The civil war in Yemen will soon hit its 1,000-day milestone. Since clashes between the warring factions began three years ago, the interests and concerns for the United States in the Gulf nation have been building and changing, creating an increasingly complicated web through which policymakers and war planners now need to traverse.

America’s security interests in Yemen began in the early years of Bush’s global War on Terror. One of the first targets was Ali Qaed Sinan Al-Harethi, a key suspect in the USS Cole bombing, who was killed in a Predator drone strike in November 2002. Since then, America’s emphasis on Yemen has grown.

Over the next several years, Yemen became a center of Al-Qaeda operations under its regional branch, Al-Qaeda in the Arabian Peninsula (AQAP), formed in 2009 by a merger between two offshoots of the Jihadist network in Saudi Arabia and Yemen. U.S. intelligence relentlessly chased down AQAP officers, mostly in the less populated eastern regions of the country, such as the Ma’rib province.

The commencement of the Yemen civil war in 2015 created a whole new arena for U.S. intelligence and defense to operate in. The outbreak of violence further undermined law and order in a country already hard-pressed to maintain government control. Al-Qaeda was able to further solidify its control over large swaths of territory in the country’s east.

First and foremost, the war has created fertile ground for the expansion of jihadist groups in the country. ISIS established its Yemen province in 2014, capitalizing on sectarian fractures, which were then exacerbated by the civil war, to rake in recruits. When the Islamic State came onto the scene, it opened up a new front for the American intelligence community.

While many observers were led to assess the group as an inconsequential factor in the country — primarily due its lack of territorial control — the recent beginning of drone strikes aimed at ISIS fighters in Yemen suggests that the group has also become an important threat in the eyes of U.S. policymakers.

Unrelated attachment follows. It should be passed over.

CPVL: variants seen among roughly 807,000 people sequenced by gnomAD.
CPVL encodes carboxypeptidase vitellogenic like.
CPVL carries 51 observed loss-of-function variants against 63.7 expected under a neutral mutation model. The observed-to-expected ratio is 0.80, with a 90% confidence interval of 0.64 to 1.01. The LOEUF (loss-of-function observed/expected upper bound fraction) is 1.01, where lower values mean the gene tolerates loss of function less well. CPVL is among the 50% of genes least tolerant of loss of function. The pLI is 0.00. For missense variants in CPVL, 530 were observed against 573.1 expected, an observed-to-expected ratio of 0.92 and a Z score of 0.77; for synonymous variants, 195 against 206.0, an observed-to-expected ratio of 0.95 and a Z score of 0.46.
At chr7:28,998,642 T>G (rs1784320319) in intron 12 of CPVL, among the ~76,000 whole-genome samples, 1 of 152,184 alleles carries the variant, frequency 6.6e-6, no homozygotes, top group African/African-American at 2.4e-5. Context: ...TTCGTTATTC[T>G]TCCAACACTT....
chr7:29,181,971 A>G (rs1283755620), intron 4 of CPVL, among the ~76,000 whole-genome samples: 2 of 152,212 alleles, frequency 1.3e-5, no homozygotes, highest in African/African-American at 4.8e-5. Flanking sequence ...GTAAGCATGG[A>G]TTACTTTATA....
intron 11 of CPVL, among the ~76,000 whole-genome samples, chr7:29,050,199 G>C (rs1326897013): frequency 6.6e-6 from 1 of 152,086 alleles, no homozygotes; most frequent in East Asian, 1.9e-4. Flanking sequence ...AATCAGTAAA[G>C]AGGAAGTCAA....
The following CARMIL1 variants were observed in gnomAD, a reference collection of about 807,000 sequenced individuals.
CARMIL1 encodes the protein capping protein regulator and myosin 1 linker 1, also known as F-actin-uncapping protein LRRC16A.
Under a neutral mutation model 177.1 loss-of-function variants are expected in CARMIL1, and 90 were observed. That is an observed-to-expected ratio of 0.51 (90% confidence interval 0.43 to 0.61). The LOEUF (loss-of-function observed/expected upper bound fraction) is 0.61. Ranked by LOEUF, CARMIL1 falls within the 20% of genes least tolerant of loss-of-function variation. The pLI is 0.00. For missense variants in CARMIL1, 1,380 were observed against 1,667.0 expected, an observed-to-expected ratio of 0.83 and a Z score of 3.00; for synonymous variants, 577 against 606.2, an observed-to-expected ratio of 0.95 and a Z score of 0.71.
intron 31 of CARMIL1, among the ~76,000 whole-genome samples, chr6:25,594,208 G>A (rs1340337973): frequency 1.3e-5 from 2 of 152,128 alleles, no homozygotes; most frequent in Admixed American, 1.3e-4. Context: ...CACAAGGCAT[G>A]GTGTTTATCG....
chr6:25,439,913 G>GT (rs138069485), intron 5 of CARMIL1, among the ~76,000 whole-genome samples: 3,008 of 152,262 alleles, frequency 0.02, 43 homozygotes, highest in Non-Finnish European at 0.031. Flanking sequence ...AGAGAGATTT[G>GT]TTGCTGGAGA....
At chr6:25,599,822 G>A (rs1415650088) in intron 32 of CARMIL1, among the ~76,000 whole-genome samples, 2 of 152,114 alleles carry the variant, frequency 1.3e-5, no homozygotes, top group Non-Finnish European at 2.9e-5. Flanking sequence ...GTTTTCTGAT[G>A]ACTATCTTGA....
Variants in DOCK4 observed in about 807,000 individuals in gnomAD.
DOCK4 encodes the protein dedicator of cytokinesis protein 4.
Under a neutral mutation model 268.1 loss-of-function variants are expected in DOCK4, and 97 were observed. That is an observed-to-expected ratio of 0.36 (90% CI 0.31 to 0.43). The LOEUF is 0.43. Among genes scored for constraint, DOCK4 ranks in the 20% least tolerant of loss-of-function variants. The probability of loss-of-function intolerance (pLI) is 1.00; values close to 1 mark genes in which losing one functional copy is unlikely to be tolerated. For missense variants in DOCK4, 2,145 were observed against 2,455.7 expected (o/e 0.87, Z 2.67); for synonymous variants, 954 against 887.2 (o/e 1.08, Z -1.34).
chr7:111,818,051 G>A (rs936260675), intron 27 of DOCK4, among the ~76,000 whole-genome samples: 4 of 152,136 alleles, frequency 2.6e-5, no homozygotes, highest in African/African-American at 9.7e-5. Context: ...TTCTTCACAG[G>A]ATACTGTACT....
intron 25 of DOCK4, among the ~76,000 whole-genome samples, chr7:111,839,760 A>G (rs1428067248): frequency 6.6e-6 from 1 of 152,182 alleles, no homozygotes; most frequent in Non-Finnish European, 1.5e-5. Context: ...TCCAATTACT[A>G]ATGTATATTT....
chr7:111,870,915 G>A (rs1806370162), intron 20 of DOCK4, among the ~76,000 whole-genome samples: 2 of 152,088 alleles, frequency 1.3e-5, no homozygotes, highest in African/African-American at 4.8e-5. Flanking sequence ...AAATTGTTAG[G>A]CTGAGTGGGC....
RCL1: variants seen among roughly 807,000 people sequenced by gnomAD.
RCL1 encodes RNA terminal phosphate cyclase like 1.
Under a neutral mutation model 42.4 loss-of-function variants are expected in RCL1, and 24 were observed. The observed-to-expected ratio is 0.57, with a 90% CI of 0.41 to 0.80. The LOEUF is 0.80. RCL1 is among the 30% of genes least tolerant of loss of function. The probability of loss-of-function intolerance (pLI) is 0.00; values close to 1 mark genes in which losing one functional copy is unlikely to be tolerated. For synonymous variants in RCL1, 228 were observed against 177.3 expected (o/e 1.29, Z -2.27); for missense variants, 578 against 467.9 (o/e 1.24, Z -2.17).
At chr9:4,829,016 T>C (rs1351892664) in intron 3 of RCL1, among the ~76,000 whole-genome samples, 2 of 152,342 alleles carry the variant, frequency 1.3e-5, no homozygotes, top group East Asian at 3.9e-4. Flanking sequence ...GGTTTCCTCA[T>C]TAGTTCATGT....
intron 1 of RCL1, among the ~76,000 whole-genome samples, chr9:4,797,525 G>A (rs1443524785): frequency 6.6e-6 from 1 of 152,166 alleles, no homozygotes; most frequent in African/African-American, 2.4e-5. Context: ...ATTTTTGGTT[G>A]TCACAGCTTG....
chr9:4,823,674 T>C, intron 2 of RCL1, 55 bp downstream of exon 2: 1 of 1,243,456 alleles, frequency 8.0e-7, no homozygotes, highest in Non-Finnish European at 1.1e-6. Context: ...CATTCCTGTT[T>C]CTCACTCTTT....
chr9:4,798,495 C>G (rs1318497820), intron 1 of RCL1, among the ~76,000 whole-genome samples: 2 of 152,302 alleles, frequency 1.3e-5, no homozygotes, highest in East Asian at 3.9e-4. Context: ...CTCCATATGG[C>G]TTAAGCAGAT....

As violence escalated, the U.S. was forced to close its embassy in the capital of Sana’a. The move drastically curtailed America’s ability to conduct counterterrorism operations in Yemen, as the CIA was running its operatives primarily under the guise of diplomatic workers in the embassy.

The second paradigm shift brought on by the civil war has been the opening of a proxy conflict between the Iran-led Shiite Axis and a coalition of regional nations headed by Saudi Arabia. While Iran began funneling weapons and funding to the anti-government Houthi rebels, Saudi Arabia has been backing forces loyal to president Abdrabbuh Mansur Hadi, while waging its own brutal air campaign in the country.

With all its flaws, the U.S. has a deep interest in backing its Saudi allies in Yemen. Saudi Arabia provides the U.S. with military installations and cooperates with the U.S. in intelligence gathering efforts, not to mention the business and energy interests that the U.S. has relating to the Saudi oil industry, a relationship that continues to grow to this day.

The escalating conflict in Yemen has shown a real need for America to protect its Saudi allies. Ballistic missiles provided by Iran have repeatedly been fired into Saudi Arabia over the past several years. The U.S. has thrown in substantial support for Saudi Arabia on this issue specifically. The U.S. provided the Saudis with Patriot anti-missile systems to defend its most sensitive locations, especially around the capital of Riyadh.

However, the U.S. has stopped short of becoming a full-fledged member of the Saudi coalition. The U.S. could not fully support the brutal tactics of the Saudi kingdom in putting down the Houthi faction. Assisting its allies in the region was limited to defensive assets like maintaining the Patriot batteries stationed in Saudi Arabia and other logistical support such as refueling Saudi war planes flying back and forth from bombing sorties. Even this minimal support has not been easy for the U.S. to maintain.

The involvement in the civil war has drawn tremendous criticism from both policymakers and the public. Furthermore, despite the public narrative depicting the Saudis as America’s sole concern in Yemen, American strategists see their interests in Yemen as not necessarily bound to the civil war. While it is important for the administration to track down and eliminate AQAP members, this is seen as having nothing to do with what is essentially a local conflict between opposing factions.